Precancerousness, Eno hiking, Dolci paintings, some Debussy and Liszt, and support for a plant-based diet
by Rob Tiller
This week I got a one page report that said the polyp removed during my recent colonoscopy was precancerous. I’m not exactly sure what that means. It sounds better than cancerous, but definitely not as good as non-cancerous. Do they really know when something will become cancerous, or is it more like, we aren’t exactly sure, and don’t want to say there’s nothing to worry about? The net seemed to be, it’s good they removed it, because it might not have been harmless. In any case, it’s gone. But instead of the usual ten-year interval for the next colonoscopy, they want me to come back in five. So I’m twice as valuable as the usual patient.
On Saturday morning I drove over to Eno River State Park and hiked in the Fews Ford area. There was frost on the grass, and some ice on the river, but it was sunny and calm. A flock of robins was hunting for breakfast. I stepped carefully on the rocks and didn’t get wet or twist an ankle, and got these pictures.
Afterwards I stopped in Durham at the Nasher Museum to see the Carlo Dolci exhibit. Dolci was a favored court painter for the Medicis in Florence in the 1600s. Apparently he fell out of favor among art critics in the 19th century, and this is the first major exhibit of his work. Dolci apparently was a pious Catholic, and in his work mostly focused on the popular religious subjects of the time, usually with close attention to two or three figures. He had a great color sense, and fanatical attention to detail. And amazing commitment and endurance: some of these paintings took several years to paint.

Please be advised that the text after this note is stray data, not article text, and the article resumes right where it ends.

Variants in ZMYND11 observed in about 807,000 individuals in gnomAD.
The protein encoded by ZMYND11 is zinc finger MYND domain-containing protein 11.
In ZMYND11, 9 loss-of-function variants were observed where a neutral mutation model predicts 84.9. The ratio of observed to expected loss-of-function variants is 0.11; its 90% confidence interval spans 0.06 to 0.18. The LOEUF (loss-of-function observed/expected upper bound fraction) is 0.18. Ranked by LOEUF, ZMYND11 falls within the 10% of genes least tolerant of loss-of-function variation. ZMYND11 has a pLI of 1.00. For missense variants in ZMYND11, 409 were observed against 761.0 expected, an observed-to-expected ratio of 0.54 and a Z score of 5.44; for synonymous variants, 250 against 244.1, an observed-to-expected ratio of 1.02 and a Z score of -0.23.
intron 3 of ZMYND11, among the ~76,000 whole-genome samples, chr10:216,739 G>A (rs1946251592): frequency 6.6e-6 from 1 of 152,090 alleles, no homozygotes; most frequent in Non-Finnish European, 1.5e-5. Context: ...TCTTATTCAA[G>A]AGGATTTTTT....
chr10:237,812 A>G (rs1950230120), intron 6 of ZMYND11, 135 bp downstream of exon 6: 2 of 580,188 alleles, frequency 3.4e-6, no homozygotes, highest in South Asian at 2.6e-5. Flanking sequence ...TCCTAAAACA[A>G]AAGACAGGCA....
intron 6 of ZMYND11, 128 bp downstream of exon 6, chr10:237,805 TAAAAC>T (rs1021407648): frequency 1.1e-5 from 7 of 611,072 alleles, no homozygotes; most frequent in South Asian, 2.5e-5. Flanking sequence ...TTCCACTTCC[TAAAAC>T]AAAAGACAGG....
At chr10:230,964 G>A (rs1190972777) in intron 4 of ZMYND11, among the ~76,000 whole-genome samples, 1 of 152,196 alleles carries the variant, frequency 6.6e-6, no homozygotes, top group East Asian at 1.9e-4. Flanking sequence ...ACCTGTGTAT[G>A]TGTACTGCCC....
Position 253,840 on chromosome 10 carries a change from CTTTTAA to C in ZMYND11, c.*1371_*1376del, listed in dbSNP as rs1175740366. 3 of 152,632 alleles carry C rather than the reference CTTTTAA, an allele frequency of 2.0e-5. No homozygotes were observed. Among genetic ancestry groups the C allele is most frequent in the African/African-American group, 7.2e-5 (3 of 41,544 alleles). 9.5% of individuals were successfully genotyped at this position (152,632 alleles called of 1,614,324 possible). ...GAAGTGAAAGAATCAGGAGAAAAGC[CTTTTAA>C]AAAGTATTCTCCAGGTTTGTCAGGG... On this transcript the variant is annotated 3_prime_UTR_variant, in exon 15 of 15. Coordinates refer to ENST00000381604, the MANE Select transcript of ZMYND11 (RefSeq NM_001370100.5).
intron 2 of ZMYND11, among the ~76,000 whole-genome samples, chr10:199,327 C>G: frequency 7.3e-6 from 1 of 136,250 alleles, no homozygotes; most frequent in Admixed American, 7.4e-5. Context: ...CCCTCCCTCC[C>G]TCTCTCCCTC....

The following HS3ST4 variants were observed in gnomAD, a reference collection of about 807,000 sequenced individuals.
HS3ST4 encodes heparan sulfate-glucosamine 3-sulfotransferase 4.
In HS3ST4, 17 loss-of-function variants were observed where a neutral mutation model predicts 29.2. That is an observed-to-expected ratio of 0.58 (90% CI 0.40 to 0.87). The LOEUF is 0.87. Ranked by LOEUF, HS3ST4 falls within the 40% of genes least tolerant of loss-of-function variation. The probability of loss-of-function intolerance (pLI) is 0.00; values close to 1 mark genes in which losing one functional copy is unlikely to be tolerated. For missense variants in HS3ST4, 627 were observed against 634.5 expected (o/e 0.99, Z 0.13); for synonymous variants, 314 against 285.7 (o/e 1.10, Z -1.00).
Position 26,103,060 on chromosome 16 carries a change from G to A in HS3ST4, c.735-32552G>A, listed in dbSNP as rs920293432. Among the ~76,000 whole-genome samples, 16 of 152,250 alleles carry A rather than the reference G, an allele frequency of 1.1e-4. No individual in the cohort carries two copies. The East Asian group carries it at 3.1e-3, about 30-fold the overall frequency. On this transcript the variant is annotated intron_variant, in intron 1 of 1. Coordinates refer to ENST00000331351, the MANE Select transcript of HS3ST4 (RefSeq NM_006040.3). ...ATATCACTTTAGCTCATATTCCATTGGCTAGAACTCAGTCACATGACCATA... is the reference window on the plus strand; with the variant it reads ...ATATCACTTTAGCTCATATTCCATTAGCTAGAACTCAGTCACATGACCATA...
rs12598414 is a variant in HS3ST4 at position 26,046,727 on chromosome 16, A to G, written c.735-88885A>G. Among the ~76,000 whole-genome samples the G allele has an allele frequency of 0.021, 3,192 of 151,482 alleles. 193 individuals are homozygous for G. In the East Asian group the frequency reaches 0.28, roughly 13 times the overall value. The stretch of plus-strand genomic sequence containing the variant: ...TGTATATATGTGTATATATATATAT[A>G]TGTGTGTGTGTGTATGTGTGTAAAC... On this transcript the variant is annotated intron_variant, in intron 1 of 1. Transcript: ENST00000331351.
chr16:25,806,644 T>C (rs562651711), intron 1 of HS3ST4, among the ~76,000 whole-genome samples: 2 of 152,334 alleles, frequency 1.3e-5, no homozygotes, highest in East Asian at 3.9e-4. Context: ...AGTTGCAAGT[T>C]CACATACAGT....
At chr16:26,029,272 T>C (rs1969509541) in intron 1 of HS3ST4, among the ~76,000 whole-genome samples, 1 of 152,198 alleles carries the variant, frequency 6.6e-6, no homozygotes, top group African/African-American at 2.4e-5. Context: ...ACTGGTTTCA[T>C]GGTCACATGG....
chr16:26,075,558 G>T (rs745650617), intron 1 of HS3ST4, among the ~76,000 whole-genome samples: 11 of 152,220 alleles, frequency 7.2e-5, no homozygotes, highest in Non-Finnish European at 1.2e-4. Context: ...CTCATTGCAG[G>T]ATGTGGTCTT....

The Nasher also had a fascinating exhibit of the large bird’s eye view of Venice made in 1500 by Jacopo de’ Barbari. The general accuracy of the aerial view has been confirmed by satellite imagery, so we know this work as a stunning feat of imagination and technical wizardry. The Nasher did a state-of-the-art presentation using several large touch screens that allowed further exploration and play.
That afternoon I had a piano lesson with Olga. At her suggestion, I’ve been working on Debussy’s L’Isle Joyeuse, and contrary to her suggestion, I’ve continued working on Liszt’s Benediction de Dieu dans la Solitude. The Debussy work is about atmospheres, and has some unusual technical challenges, but I can already see that with practice it can be played. The Liszt piece is a labor of love — lots of labor that could only be justified by love. The harmonies are deliciously rich and full of surprises, but it requires a big investment of practice time.
It being the holiday season, we’ve been eating more with friends recently, and the subject of why we’re eating a plant-based diet comes up regularly. It’s always a bit awkward to discuss this at meal time, since the background facts are likely to produce a less cheery vibe for the animal eaters in the group.
But I continue to think a lot about the relation between our food, our ethics, and our health, and I’m always glad to find others willing to discuss those issues. There seems to be growing awareness of the extreme cruelty of industrial animal farming, of the enormous environmental damage this system causes, and of the damage that eating animals and animal products does to human bodies. We recently saw two documentaries on these issues on Netflix, and found them well worth watching. Live and Let Live is a pithy overview of the ethical and health issues involved in eating animals. What the Health focuses on the health benefits of a plant-based diet, and the seemingly willful silence of mainstream health organizations regarding the health problems associated with animal products.